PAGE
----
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On February 10th, 2014, the Florida Senate Gaming Committee met to discuss a draft of an upcoming gaming reform bill that is expected to be introduced during the 2014 legislative session.
Video of the meeting is embedded at the end of the article.
Last year Florida paid a consulting firm $400,000 to complete a report that examined Florida’s gaming industry.
The legislature is now expected to introduce a comprehensive bill that will amend Florida’s current gaming laws based on suggestions in this report.
During the February 10th meeting Senator Richter, the chair of the committee, presented an outline of the current draft of the bill and took questions and comments from the other committee members.
The bill is expected to create a gaming commission that will oversee all forms of gaming in Florida other than the lottery.
It is also expected that the Division of Pari-Mutuel Wagering, which currently regulates all the poker rooms, horse and dog racing, and slot machine facilities would be moved into the new gaming commission and the current statutory framework would be updated to facilitate this move and possibly include new gaming activities.
During this meeting the committee discussed several gaming issues that they thought should be included in the bill. Topics ranged from legalizing destination casinos to advance deposit wagering and online poker.
Several of the senators discussed the possibility of addressing online poker in this bill and specifically mentioned that it was a game of skill that was fundamentally different than other forms of gaming but did not sound optimistic that it would be included in the bill.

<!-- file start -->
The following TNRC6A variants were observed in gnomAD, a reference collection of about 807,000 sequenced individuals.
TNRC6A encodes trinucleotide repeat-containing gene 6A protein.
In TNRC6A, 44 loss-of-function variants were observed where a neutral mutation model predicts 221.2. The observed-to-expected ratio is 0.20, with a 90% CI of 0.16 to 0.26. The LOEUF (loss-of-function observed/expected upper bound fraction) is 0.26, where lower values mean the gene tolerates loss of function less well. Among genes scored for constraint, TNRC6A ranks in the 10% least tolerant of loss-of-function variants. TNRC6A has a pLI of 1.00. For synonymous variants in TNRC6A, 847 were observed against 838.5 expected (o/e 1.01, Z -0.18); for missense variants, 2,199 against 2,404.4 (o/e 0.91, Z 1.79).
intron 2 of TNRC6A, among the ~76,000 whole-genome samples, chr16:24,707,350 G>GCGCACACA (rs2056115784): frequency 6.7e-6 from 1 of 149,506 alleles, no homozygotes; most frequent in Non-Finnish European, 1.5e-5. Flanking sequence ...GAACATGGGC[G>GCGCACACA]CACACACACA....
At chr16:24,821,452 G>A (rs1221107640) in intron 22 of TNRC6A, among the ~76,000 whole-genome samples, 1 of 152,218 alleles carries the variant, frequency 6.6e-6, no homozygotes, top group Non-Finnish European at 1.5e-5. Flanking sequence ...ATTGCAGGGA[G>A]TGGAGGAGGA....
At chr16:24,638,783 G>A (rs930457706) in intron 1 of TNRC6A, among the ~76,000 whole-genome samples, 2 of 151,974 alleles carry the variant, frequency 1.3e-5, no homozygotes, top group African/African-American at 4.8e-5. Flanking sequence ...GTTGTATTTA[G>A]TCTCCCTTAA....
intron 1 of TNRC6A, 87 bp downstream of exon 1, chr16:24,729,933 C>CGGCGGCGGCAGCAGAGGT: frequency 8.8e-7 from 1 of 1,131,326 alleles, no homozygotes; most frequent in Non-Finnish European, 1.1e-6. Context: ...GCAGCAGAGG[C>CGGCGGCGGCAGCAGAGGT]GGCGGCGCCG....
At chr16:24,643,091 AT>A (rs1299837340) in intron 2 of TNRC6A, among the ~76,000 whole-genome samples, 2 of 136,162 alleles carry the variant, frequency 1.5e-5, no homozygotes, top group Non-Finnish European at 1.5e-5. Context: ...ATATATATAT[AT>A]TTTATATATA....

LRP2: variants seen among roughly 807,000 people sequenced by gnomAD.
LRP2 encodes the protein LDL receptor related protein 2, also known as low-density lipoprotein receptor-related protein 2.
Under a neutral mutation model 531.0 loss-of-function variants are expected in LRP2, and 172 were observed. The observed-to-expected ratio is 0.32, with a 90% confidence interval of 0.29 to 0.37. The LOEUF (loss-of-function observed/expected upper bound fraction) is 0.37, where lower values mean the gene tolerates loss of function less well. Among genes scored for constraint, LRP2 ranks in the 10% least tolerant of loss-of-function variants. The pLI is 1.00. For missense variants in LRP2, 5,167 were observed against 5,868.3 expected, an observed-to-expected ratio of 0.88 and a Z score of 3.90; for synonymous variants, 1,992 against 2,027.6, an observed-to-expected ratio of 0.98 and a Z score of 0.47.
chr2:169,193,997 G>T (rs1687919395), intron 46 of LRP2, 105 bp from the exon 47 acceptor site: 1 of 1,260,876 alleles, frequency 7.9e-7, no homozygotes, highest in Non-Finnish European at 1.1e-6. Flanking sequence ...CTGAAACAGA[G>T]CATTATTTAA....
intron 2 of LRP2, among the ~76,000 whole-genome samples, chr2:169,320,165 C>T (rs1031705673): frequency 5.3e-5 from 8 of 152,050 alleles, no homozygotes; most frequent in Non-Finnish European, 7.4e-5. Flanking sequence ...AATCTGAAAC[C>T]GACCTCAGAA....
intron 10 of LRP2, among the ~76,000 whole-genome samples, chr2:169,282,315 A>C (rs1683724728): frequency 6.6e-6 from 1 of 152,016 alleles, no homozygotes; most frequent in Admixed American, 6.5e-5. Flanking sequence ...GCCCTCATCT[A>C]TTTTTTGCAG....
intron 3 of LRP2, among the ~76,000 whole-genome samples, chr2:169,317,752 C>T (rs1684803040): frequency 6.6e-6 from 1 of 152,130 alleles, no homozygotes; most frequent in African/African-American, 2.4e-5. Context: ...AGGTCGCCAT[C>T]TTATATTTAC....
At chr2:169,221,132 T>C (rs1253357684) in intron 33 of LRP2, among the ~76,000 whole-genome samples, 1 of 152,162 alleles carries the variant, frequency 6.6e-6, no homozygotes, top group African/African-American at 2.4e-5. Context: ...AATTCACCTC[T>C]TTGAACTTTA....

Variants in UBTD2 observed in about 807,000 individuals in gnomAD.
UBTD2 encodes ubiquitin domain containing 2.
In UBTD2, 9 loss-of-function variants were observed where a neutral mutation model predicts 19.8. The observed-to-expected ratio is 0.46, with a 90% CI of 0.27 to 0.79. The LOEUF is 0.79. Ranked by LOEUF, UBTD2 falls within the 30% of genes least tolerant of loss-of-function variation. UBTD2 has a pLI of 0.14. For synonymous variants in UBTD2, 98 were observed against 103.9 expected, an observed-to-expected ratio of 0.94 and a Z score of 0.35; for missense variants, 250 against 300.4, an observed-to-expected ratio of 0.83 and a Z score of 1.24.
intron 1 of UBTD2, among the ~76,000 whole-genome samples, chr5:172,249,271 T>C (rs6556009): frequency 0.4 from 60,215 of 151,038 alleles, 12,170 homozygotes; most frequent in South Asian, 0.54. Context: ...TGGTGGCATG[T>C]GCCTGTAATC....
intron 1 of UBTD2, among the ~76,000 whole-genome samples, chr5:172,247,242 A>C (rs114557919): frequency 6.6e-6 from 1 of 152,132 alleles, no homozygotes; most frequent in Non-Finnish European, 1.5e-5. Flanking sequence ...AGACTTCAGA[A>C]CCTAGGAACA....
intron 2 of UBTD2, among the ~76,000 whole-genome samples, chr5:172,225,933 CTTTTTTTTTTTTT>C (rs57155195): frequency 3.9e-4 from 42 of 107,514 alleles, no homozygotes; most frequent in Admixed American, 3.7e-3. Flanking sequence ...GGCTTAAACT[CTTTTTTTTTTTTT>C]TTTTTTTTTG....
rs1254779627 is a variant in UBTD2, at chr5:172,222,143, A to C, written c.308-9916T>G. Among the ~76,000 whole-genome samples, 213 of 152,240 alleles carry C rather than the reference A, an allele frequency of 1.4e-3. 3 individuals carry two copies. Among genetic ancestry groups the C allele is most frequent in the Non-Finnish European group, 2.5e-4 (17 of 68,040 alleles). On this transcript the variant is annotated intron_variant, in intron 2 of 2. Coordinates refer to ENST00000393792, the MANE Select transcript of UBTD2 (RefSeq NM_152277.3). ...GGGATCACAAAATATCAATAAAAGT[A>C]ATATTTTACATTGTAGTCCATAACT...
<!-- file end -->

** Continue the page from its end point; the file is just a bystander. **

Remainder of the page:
A bill this size will be very difficult to pass.
During the last few weeks the legislature has expressed mixed feelings towards any changes in Florida gaming. Due to the upcoming elections this year some feel that nothing substantial will be done.
Others feel that the only way anything will be done is if a compromise is made with those that are opposed to increasing gaming.
One of the compromises being discussed would be the creation of a constitutional amendment that would require a referendum vote before any change in gaming can occur.
This would essentially take all gaming issues out of the hands of the legislature and instead place it in the hands of the public, making it much more difficult for smaller issues like online poker to be legalized.
The Senate Gaming Committee is expected to have this bill finished by February 24th.
If a bill passes that includes a constitutional amendment but does not include online poker it is unlikely that online poker will be legalized in Florida anytime in the near future.
Stakeholders concerned with online poker in Florida should take the time to contact the Senate Gaming Committee and let them know that online poker is an important issue that should be included in the bill.
The legislative session begins March 3rd. OPR will provide updates as the session progresses.